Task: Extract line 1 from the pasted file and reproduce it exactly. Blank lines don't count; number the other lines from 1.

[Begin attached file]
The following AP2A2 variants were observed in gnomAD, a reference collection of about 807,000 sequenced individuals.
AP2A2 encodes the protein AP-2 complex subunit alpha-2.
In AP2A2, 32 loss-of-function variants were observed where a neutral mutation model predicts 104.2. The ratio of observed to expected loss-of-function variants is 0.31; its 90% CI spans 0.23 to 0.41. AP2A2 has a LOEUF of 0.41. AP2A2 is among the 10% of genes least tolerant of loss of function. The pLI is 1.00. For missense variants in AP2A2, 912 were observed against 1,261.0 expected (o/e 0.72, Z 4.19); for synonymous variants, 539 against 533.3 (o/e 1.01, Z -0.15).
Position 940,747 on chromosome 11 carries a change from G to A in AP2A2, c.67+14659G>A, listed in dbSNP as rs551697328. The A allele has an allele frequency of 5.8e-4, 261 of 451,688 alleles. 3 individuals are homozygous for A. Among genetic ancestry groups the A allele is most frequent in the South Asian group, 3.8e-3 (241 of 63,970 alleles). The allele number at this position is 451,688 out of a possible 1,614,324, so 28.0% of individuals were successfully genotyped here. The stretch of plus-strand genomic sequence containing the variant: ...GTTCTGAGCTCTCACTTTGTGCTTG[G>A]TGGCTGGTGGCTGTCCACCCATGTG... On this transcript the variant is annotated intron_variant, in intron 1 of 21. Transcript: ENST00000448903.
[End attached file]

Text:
The following AP2A2 variants were observed in gnomAD, a reference collection of about 807,000 sequenced individuals.